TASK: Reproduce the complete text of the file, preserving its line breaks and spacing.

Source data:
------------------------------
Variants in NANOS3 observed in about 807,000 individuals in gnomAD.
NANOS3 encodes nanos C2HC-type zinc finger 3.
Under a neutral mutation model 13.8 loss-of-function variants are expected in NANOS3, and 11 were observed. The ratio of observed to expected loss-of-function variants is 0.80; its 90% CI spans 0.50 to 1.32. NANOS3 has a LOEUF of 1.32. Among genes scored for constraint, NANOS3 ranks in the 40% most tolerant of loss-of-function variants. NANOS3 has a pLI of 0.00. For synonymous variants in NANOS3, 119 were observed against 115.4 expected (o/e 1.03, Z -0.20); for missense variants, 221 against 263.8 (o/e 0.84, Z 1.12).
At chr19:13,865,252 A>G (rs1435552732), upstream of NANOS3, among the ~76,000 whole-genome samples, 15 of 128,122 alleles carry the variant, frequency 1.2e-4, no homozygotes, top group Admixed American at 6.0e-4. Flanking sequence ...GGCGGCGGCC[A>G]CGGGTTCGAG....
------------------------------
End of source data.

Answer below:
Variants in NANOS3 observed in about 807,000 individuals in gnomAD.
NANOS3 encodes nanos C2HC-type zinc finger 3.
Under a neutral mutation model 13.8 loss-of-function variants are expected in NANOS3, and 11 were observed. The ratio of observed to expected loss-of-function variants is 0.80; its 90% CI spans 0.50 to 1.32. NANOS3 has a LOEUF of 1.32. Among genes scored for constraint, NANOS3 ranks in the 40% most tolerant of loss-of-function variants. NANOS3 has a pLI of 0.00. For synonymous variants in NANOS3, 119 were observed against 115.4 expected (o/e 1.03, Z -0.20); for missense variants, 221 against 263.8 (o/e 0.84, Z 1.12).
At chr19:13,865,252 A>G (rs1435552732), upstream of NANOS3, among the ~76,000 whole-genome samples, 15 of 128,122 alleles carry the variant, frequency 1.2e-4, no homozygotes, top group Admixed American at 6.0e-4. Flanking sequence ...GGCGGCGGCC[A>G]CGGGTTCGAG....